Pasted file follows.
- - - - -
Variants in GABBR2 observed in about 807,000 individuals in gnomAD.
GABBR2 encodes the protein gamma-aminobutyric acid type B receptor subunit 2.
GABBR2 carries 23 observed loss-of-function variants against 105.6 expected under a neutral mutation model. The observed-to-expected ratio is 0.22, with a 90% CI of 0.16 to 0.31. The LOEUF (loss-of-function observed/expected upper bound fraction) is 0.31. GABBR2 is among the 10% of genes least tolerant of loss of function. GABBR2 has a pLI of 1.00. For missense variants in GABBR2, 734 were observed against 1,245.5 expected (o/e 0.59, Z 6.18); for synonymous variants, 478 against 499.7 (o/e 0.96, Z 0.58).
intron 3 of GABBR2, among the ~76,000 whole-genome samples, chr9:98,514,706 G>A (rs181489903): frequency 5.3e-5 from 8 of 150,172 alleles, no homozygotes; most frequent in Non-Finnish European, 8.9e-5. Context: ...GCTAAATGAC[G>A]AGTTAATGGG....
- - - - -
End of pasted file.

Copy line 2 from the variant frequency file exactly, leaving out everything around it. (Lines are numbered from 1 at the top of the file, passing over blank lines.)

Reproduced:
GABBR2 encodes the protein gamma-aminobutyric acid type B receptor subunit 2.